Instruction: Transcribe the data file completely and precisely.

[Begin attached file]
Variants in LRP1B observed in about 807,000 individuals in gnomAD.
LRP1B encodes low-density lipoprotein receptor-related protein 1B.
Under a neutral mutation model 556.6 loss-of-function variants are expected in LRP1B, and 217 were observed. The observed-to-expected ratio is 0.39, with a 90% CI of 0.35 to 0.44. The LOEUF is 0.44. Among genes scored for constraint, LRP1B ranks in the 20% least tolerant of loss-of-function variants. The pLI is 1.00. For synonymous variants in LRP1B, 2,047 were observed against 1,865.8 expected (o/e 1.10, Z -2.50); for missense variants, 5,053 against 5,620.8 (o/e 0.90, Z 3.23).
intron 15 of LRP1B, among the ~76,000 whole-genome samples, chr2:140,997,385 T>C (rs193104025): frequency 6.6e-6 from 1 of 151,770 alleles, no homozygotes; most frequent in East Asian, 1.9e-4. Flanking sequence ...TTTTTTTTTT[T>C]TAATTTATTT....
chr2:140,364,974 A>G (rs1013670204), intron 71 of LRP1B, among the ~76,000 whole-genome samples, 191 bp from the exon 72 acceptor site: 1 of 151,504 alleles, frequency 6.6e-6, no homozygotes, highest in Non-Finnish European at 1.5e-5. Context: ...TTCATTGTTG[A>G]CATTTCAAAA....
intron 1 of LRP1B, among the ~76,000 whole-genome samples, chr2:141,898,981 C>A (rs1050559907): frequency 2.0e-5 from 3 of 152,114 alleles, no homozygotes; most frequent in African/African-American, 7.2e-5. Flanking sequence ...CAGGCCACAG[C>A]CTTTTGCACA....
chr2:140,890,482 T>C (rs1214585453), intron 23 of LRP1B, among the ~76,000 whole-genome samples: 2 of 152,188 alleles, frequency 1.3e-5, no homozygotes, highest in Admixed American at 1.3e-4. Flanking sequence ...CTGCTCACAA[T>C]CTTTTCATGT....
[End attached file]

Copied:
Variants in LRP1B observed in about 807,000 individuals in gnomAD.
LRP1B encodes low-density lipoprotein receptor-related protein 1B.
Under a neutral mutation model 556.6 loss-of-function variants are expected in LRP1B, and 217 were observed. The observed-to-expected ratio is 0.39, with a 90% CI of 0.35 to 0.44. The LOEUF is 0.44. Among genes scored for constraint, LRP1B ranks in the 20% least tolerant of loss-of-function variants. The pLI is 1.00. For synonymous variants in LRP1B, 2,047 were observed against 1,865.8 expected (o/e 1.10, Z -2.50); for missense variants, 5,053 against 5,620.8 (o/e 0.90, Z 3.23).
intron 15 of LRP1B, among the ~76,000 whole-genome samples, chr2:140,997,385 T>C (rs193104025): frequency 6.6e-6 from 1 of 151,770 alleles, no homozygotes; most frequent in East Asian, 1.9e-4. Flanking sequence ...TTTTTTTTTT[T>C]TAATTTATTT....
chr2:140,364,974 A>G (rs1013670204), intron 71 of LRP1B, among the ~76,000 whole-genome samples, 191 bp from the exon 72 acceptor site: 1 of 151,504 alleles, frequency 6.6e-6, no homozygotes, highest in Non-Finnish European at 1.5e-5. Context: ...TTCATTGTTG[A>G]CATTTCAAAA....
intron 1 of LRP1B, among the ~76,000 whole-genome samples, chr2:141,898,981 C>A (rs1050559907): frequency 2.0e-5 from 3 of 152,114 alleles, no homozygotes; most frequent in African/African-American, 7.2e-5. Flanking sequence ...CAGGCCACAG[C>A]CTTTTGCACA....
chr2:140,890,482 T>C (rs1214585453), intron 23 of LRP1B, among the ~76,000 whole-genome samples: 2 of 152,188 alleles, frequency 1.3e-5, no homozygotes, highest in Admixed American at 1.3e-4. Flanking sequence ...CTGCTCACAA[T>C]CTTTTCATGT....